After dealing out the identity cards and allowing everyone to peek at their cards, commence play immediately. You may choose to take each round out of sequence per the official variant rules. You may also choose to play with intrigue cards as per your choice.

The effect of these two rules is to render the spies effectively blind. They do not know how many cohorts they have or who they might be. This forces spies to play a little more deep cover and risks spies accidentally blowing their cover, as with multiple spies playing failure cards. This has the added effect, however, of making it next to impossible for the resistance to rout out the entire spy network based upon player interactions, and muddies the water when a failure card appears.

In total, Resistance Roulette can be as brutal as its name. I've seen games where the spies swept to victory, games where the resistance cleaned house, and many, many games full of bickering, back-biting, and extremely close calls. If you're playing with a group that's bored with the normal rules of The Resistance, I highly recommend this variant.


I don't think the spies should be blind. The rest sounds good. also, you should make the first role card a spy to guarantee you get a spy in the game. It would be silly if everyone was resistance in the end.
 
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mfl134
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varoan wrote:
Anithias wrote:
Recommended for 7-9 experienced players

This is a variant conjured up by my gaming circle in an effort to add a little extra realism to the game. The result was so brutal but exciting that we renamed it after Russian Roulette. Enjoy.

Change #1: Randomize the Spy Ratio

When handing out the cards, don't bother sorting out the correct number of spies and resistance members; instead deal out the cards, then put the remainder someplace out of reach.

I should warn that this can go horribly wrong in all the right ways. You could plausibly wind up with four spies and a resistance member, or one spy and four resistance members, or even all resistance members, which is why I recommend playing with 7-9 players; you still might get incredibly imbalanced numbers, but the imbalance is less severe and far rarer. Games with a horrible imbalance can be fun on occasion, but should be avoided if possible.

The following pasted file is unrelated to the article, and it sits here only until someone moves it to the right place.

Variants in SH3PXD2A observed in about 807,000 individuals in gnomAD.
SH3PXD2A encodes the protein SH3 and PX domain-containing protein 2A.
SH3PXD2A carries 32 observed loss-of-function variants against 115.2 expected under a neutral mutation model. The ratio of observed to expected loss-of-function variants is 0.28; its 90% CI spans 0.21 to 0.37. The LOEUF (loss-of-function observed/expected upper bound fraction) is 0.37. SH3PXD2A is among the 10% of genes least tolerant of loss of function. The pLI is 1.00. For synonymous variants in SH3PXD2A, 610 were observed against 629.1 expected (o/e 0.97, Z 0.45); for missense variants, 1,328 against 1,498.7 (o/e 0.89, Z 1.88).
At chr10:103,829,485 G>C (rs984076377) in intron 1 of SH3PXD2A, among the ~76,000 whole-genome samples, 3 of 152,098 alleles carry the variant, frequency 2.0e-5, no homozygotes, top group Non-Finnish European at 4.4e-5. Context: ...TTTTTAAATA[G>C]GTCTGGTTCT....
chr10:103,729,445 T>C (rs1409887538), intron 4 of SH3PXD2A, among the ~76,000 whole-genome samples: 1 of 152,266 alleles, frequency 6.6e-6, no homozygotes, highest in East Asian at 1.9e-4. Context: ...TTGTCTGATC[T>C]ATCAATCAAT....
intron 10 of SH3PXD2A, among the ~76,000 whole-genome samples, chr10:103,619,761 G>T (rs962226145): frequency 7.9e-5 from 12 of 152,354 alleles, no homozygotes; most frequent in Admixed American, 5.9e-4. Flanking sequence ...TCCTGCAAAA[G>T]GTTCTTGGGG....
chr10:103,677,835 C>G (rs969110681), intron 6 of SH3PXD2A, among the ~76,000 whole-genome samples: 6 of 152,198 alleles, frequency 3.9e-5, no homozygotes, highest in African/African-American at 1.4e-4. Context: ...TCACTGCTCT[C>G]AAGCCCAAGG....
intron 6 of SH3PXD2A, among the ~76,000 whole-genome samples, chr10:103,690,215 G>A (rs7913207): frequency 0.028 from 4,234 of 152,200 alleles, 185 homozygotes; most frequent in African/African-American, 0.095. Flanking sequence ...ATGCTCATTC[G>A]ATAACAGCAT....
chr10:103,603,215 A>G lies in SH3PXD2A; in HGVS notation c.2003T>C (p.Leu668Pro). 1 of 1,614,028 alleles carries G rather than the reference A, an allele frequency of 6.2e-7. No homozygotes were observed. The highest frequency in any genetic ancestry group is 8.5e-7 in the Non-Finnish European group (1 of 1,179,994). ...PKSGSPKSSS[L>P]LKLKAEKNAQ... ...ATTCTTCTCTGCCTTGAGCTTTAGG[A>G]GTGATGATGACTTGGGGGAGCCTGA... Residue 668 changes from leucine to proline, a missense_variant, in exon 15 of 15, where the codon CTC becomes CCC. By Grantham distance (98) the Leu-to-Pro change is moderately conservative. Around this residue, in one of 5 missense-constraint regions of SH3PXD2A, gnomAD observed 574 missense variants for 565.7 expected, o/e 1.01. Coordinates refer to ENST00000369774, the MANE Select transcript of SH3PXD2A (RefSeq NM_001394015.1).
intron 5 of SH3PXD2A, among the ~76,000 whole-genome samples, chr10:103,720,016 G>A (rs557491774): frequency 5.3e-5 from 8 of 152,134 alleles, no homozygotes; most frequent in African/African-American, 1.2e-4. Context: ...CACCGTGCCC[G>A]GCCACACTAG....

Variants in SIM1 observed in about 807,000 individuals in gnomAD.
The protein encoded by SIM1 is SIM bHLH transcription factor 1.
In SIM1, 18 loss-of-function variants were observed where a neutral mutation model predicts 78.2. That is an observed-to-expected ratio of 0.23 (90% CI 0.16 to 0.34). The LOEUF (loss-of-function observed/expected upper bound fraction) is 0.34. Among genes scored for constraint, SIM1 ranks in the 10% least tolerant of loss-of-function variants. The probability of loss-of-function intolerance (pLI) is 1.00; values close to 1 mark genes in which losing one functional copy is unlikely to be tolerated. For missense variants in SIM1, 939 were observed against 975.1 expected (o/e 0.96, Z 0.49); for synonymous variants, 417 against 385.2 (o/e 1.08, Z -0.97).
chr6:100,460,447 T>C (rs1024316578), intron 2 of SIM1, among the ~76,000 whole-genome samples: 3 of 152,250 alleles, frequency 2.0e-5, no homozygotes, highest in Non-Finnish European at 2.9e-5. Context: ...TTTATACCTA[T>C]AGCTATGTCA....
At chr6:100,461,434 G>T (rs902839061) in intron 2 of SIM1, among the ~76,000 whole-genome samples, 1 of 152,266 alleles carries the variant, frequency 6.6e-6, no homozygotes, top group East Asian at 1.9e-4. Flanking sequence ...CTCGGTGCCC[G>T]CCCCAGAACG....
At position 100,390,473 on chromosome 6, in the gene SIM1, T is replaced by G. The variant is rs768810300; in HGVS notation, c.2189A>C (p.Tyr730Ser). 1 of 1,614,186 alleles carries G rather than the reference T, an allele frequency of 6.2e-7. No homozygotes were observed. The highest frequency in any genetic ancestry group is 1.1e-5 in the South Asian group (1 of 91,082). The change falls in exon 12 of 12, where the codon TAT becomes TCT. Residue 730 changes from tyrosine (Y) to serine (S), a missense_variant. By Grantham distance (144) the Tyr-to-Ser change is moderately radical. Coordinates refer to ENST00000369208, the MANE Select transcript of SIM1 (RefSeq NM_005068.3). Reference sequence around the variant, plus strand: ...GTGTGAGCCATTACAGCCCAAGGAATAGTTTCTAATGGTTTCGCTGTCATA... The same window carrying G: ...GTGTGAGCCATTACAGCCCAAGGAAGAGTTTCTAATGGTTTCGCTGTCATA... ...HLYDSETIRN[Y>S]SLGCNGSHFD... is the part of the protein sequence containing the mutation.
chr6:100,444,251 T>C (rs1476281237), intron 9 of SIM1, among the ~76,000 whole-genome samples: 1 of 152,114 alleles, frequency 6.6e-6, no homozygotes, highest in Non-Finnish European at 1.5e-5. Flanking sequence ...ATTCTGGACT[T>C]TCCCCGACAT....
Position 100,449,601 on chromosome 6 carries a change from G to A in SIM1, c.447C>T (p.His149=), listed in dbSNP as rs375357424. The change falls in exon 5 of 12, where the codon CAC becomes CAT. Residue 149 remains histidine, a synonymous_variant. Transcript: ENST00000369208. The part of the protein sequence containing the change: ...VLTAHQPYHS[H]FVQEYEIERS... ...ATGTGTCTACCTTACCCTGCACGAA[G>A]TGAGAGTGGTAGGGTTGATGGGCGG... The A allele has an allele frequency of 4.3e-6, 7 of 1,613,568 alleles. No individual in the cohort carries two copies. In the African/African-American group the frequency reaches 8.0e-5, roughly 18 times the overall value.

That being said, not knowing how many spies are in the game gives a wonderful air of suspicion and second-guessing, where rather than playing math games to deduce who is the spy, you're entirely reliant upon deduction skills once more. Things get more interesting when the next rule is thrown in.

Change #2: Skip the Identify Phase

After dealing out the identity cards and allowing everyone to peek at their cards, commence play immediately. You may choose to take each round out of sequence per the official variant rules. You may also choose to play with intrigue cards as per your choice.

The effect of these two rules is to render the spies effectively blind. They do not know how many cohorts they have or who they might be. This forces spies to play a little more deep cover and risks spies accidentally blowing their cover, as with multiple spies playing failure cards. This has the added effect, however, of making it next to impossible for the resistance to rout out the entire spy network based upon player interactions, and muddies the water when a failure card appears.

In total, Resistance Roulette can be as brutal as its name. I've seen games where the spies swept to victory, games where the resistance cleaned house, and many, many games full of bickering, back-biting, and extremely close calls. If you're playing with a group that's bored with the normal rules of The Resistance, I highly recommend this variant.


I don't think the spies should be blind. The rest sounds good. also, you should make the first role card a spy to guarantee you get a spy in the game. It would be silly if everyone was resistance in the end.


spies have to be blind, otherwise you just wait until Mx.5 and throw all fails.